All of this only matters through the summer though. Once we’re on the other side of this PTQ season it’s going to be a drastic change. The next season will feel far away indeed. We’ll have a plethora of product ahead to increase supply, and more importantly, we’ll be in the timeframe at which point WOTC could have seen what was going on and started putting plans into place to help control the market with reprints. I’ll be very surprised if we don’t see Modern Masters 2 of some sort next year, so holding Modern staples past the PTQ season will be a real minefield. The takeaway here is that you should sell everything except those cards which you wouldn’t be upset about losing value on.

In the meantime though? Go hog wild.

9 thoughts on “Modern Trajectory”

  1. Do you think Wizards really cares whether or not demand is met? I feel like they could easily put out Scalding Tarns at FNM or something. They seem to support spiking card prices.

    1. Wizards wants Modern to succeed as a format – Modern Pro Tour, Modern PTQ season and Modern Masters I and II plus millions in marketing dollars all make this clear.

      For Modern to be successful, it needs players. If the format is so expensive that it’s not accessible, then people won’t play it and it wont succeed.

  2. Do you think buying modern staples now is an example of the “greater fool” theory? As in buying into hype hoping that the cards will continue to rise? I read about it in another article on here.

    1. That’s a great question Richard. The “greater fool” concept, as I understand it (@JasonEAlt wrote about it) typically applies in the context of individual card spikes. The card suddenly jumps in price, and you want to sell to someone else who will then have to find someone else to buy from them, etc. All of this is occurring while the price spikes hard then often drops down nearly as fast.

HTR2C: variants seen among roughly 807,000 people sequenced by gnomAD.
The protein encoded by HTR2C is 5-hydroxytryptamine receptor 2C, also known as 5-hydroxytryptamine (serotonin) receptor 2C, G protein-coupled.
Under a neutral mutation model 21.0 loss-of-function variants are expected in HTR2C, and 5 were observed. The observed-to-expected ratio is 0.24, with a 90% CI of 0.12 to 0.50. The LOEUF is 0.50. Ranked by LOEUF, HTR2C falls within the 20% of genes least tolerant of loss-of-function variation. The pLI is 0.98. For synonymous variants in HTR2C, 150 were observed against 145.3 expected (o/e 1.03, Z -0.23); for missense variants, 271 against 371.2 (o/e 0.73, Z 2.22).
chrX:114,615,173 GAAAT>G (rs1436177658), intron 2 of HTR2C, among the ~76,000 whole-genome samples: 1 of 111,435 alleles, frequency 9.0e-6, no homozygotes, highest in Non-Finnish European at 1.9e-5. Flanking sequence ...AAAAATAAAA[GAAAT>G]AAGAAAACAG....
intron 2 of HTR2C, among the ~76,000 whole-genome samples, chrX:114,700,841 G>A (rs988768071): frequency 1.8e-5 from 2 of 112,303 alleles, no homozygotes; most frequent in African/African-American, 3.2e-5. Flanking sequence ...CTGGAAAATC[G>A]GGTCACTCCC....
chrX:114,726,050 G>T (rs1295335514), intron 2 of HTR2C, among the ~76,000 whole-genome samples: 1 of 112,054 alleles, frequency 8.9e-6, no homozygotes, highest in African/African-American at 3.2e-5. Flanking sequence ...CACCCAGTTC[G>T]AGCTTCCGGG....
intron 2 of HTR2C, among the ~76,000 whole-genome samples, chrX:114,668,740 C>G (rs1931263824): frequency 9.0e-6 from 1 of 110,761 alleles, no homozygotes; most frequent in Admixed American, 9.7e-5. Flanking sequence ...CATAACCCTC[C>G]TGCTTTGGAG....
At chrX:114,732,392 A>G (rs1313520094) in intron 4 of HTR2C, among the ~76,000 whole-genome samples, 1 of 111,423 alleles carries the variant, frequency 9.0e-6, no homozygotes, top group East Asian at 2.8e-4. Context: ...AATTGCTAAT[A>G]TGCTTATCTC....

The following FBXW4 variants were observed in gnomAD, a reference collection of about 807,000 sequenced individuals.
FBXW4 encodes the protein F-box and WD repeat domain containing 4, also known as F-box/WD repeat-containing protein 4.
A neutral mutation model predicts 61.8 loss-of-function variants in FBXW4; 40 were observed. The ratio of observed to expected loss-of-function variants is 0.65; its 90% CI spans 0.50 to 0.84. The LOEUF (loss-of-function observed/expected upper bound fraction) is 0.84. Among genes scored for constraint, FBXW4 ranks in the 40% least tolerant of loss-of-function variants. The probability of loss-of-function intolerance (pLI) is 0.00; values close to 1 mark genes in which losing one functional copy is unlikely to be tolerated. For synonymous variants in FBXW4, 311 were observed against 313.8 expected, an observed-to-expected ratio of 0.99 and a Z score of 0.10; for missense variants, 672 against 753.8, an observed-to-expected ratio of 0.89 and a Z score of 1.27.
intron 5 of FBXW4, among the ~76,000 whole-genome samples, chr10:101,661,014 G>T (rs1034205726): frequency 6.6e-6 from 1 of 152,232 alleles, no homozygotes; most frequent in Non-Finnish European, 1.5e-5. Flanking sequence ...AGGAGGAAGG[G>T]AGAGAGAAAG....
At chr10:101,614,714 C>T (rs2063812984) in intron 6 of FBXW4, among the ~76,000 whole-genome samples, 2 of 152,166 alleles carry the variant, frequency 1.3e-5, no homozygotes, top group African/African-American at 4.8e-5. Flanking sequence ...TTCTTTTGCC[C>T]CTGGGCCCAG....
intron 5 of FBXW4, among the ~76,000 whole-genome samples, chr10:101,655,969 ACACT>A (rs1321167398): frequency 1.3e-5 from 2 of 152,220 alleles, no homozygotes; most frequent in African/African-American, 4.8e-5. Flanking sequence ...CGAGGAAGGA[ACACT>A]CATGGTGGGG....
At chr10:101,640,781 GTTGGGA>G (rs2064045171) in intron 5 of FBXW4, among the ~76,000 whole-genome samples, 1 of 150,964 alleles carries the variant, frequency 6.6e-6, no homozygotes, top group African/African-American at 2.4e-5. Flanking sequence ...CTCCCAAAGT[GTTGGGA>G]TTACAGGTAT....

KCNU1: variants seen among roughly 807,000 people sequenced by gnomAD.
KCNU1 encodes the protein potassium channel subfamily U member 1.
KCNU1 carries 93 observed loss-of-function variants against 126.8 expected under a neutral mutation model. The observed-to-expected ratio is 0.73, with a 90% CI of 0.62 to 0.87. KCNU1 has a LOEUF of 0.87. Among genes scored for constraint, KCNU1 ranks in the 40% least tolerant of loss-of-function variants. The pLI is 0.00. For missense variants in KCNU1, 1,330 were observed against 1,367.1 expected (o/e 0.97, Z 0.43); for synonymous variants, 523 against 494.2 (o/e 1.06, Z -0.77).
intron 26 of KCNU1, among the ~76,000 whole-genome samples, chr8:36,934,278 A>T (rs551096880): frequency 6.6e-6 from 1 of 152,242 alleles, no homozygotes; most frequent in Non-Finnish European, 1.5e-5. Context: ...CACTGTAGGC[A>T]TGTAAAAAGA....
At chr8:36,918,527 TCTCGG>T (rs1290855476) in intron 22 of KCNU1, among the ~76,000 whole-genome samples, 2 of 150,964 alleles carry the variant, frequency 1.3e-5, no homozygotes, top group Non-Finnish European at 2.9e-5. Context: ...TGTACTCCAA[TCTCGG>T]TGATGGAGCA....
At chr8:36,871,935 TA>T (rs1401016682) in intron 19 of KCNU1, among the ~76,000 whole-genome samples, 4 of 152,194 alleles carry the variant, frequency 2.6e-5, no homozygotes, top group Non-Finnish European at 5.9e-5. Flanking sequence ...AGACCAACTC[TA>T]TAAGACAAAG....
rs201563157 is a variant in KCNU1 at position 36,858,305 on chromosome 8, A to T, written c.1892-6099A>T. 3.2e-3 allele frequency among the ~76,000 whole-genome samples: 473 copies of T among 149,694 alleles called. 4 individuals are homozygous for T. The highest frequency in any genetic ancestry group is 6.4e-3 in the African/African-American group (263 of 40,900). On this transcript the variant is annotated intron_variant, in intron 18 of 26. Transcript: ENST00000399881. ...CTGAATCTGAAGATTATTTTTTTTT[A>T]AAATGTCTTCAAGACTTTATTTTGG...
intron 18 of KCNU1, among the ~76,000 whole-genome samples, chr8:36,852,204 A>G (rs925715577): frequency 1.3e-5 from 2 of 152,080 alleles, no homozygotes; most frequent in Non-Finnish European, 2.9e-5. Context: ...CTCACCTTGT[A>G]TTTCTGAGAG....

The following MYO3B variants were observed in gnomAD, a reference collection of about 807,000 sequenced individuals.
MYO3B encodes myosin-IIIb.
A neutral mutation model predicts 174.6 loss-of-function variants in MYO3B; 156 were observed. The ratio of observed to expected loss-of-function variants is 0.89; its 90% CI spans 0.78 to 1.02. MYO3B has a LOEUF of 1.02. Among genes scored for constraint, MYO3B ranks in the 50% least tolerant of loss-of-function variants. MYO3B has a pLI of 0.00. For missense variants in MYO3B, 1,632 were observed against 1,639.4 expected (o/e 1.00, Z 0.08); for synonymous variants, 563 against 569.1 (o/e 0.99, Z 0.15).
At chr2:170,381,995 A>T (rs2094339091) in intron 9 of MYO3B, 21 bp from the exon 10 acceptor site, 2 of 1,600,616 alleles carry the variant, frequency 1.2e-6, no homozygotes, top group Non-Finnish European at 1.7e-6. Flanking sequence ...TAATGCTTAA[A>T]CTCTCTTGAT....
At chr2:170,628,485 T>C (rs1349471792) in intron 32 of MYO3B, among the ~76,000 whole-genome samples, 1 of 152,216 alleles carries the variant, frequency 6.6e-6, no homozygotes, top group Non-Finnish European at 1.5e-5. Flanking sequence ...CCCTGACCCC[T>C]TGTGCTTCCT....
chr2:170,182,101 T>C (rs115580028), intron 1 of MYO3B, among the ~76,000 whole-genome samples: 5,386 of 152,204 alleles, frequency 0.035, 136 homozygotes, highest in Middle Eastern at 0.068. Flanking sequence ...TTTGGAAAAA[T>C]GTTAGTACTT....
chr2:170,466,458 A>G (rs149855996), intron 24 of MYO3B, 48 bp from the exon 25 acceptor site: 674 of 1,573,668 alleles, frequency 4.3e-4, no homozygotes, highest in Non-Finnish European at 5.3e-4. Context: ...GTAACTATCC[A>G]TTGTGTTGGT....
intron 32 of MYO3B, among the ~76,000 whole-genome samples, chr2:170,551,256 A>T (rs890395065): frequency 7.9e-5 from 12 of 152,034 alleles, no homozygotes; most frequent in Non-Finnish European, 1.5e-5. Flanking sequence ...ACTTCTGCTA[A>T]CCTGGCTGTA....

In this situation, we don’t have a card spiking so much as we have a tremendous amount of *very real* demand for some very limited product. The greater fool theory sort of assumes that you don’t know how much real demand there is for a card, while in the case of Modern in at the moment, we very much know.

      You will still see the greater fool at work on cards like Porphyry Nodes, but on format staples like Cryptic Command, Snapcaster Mage, Splinter Twin, Tarmogoyf, and similar cards, the rises in price are consistent, strong, and well understood.

      1. The concept also applies here. By suggesting that people obtain cards now with the idea that they will be more expensive in the future, you are telling them to assume that there is a greater fool out there who will buy them when prices go up. The fact that it is a “bull market” at the moment, and that supply is considered generally static due to the arguments that you have laid out above, each individual card is currently undergoing a “greater fool” style inflation. Fetches being the perfect example of this.

        If all of the actors in the pool are rationally deciding card values, and they continue trading for equal value, the prices will eventually stop rising, but that is exactly what you are telling people not to do. You’re saying, there seems to be plenty of stuff to buy out there right now, and the buying is driving up the prices. But that is the reverse of the advice you are giving. You are telling people “remove supply from the market, drive up the prices by removing that supply, and then strike quickly to sell in June, before we find out any new information,” which is exactly what the theory predicts will happen.

  3. Great read, thanks! As a casual player, but nonetheless someone who likes fairly competitive decks, is this the worst possible time I could be buying three more cryptics? I’d like them eventually, but I’m way too late to the party! If I can wait, should I?

    1. It depends on when you need them Michael. If you want them for the PTQ season, buying them now is the right play. It’s unlikely they’ll lose more than 5% of their value, and it’s more probably that they rise in price instead. If you don’t mind waiting until the fall, then I’d hold off until at least September, when we should see prices contract just a bit.